why foliation is important

I’m not talking about trees and green spaces. This is the bibliographic process of describing a book’s collation, what P. Gaskell called a formula that shows “how the book was—or ideally should have been—constructed” using a special system of notation.1

Today, for reasons I have promptly forgotten, I found myself searching for the collation formula for one of the fight-texts of nominal interest. Leeds, Royal Armouries, MS I 33 (also known as the Tower Fight book, the Walpurgis Manuscript, and most recently, the Luteger Fight-Book) is the earliest illustrated text of instruction in arms and thus holds a special place in the scholarship, such as it is.

One point I wanted to clarify was that foliation, reminded of a recent publication which I have yet to obtain. The first comprehensive edition of the text, by Jeffrey L. Forgeng, says only that the manuscript consists of 32 vellum leaves, bound in a light, nineteenth-century binding.2 At first reading I took that to mean that the entire codex was one gathering of 32 leaves (making 64 pages of content). Now that should have raised a flag, but when first read, perhaps with haste, I thought little of the unspoken conclusion. The problem is, 32 leaves is far too many for a single gathering, particularly in a medieval, vellum, manuscript.

The size of the MS, about 30 x 23 cm, is usually called a quarto format, because a ‘standard’ sheet of paper (or piece of vellum), folded four times, produces 8 leaves of about this size. Quarto formats, abbreviated by the book-nerd as 4to, usually has gatherings of 4-6 bi-folds, or 8-10 leaves.3 That’s what MS I 33 should have. It should not have one gathering of 32.

Since Forgeng does not explain the collation, one has few options to turn to. Ranier Leng’s fantastic (and unaffordable) hand-list does not have foliation for MS I 33.4 Neither does Hans-Peter Hils dissertation, that was the primary source for these details prior to Leng.5 Franck Cinato and André Surprenant, having consulted Philip Abbot from the Leeds museum, supply a foliation in their 2009 book, but it does not follow common collation rules.6

Therefore, because I don’t have anywhere else to put this detail of limited value, I will provide it here for those who happen upon this corner of the internets through the vagaries of search engines.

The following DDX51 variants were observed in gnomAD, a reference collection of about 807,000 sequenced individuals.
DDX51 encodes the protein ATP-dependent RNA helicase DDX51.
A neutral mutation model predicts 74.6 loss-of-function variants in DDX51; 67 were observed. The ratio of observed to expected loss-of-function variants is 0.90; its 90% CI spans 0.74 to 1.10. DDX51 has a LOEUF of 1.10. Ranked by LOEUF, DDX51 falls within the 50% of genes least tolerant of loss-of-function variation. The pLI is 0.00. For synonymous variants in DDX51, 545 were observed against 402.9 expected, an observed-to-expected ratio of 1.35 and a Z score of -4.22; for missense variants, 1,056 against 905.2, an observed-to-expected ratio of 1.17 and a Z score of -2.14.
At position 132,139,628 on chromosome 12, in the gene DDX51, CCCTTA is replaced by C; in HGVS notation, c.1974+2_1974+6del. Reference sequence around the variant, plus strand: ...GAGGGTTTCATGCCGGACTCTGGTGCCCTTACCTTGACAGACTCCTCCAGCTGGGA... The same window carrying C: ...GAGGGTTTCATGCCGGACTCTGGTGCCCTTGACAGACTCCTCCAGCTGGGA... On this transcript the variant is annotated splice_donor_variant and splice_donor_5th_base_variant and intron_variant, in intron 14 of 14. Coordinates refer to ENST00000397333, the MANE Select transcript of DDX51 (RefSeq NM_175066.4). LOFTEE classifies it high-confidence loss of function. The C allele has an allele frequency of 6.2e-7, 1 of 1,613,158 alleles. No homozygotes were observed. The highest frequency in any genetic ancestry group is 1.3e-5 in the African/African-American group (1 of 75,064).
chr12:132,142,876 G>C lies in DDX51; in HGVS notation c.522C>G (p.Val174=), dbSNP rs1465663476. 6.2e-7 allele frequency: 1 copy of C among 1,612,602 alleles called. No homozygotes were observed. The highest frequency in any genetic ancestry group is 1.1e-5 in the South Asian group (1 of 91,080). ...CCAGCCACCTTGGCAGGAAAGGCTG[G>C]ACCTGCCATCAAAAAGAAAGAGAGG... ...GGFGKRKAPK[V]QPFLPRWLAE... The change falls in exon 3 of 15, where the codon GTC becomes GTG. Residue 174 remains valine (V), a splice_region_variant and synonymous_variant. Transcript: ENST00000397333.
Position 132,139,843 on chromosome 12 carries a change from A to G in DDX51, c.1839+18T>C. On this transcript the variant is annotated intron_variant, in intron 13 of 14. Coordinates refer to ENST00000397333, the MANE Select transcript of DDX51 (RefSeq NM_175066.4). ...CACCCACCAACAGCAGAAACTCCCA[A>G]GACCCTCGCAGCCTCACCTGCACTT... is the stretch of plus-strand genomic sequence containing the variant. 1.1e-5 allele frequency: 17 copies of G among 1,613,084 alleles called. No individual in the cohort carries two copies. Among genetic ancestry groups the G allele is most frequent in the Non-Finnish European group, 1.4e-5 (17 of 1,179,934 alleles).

Since this is a formula for a manuscript text, we can use Roman numerals in place of the Latin collation letters.

4to, [iii] I8, II6, III4, (f. 18 is single inserted leaf), IV6, (f. 26 is single inserted leaf), V6.

We can read this as, quarto format, in 5 gatherings, beginning with three leaves, not contemporaneous with the rest, and thus set off with square brackets. The first gathering is of 8 leaves, the second of 6, the third of 4, with one inserted leaf between the third and fourth gathering which has 6 leaves. Another single leaf separates the fourth gathering from the fifth which has another 6 leaves. Of course, this formula can be re-arranged, as needed, or as taste demands, but it is an accurate description of the collation as it appears in Cinato and Surprenant.

Now, back to some slightly more productive work.

1 Philip Gaskell, A New Introduction to Bibliography, 2nd ed. (Oxford: The Clarendon Press, 1979), 328-335.

2 Jeffrey L. Forgeng, The Medieval Art of Swordsmanship: A Facsimile & Translation of Europe’s Oldest Personal Combat Treatise, Royal Armouries MS. I.33. (Union City, Ca. and Leeds: Chivalry Bookshelf and The Royal Armouries, 2003). This is now out of print, and unlikely to ever appear again. However, Leeds is producing a new version, or versions, of escalating cost, as part of the Jubilee celebrations. The codex has been re-bound, and that may actually alter the foliation, as described here. I would like to point out that the rhetoric about ‘rediscovering’ the manuscript is a little over-dramatic as only one article, published in the 1960s, was under the impression that the thing was lost. Forgeng did make the manuscript somewhat better known to specialists but real credit should go to Bridget Clifford who brought said MS to the attention of just about everyone who wrote about it before 2003. A recent paper by James Hester may have different collation than I have here. It’s behind a pay-wall, and a rolling wall on recent issues. It’s not an easy paper to get.

3 [Long after I wrote this—14 June 2013 to be exact—I noticed I had missed the actual note 3, and even got the definition of quarto wrong. I have sinced fixed it, but I don’t recall what the reference was going to be. Probably it was for the entry on Quarto in Geoffrey Ashall Glaister, Encyclopedia of the Book, (Oak Knoll Press: New Castle, Del, 1996).

4 Rainer Leng, ed. Katalogue Der Deutschsprachigen Illustrierten Handschriften Des Mittelalters: Band 4/2, Lieferung 1/2, 38. Fecht- Und Ringbücher. (Munich: Kommission für Deutsche Literatur des Mittelalters der Bayerischen Akadime der Wissenschaften, München, 2008).

5 Hans-Peter Hils, Meister Johann Liechtenauers Kunst Des Langen Schwertes. Vol. 257. Europanische Hochschulschriften Reihe 3. (Frankfurt am Main: Peter Lang, 1985).

6 Franck Cinato, and André Surprenant. Le Livre De L’Art Du Combat: Liber De Arte Dimicatoria. Sources d’Histoire Médiévale 39. (Paris: CNRS Éditions, 2009), xxxiii.

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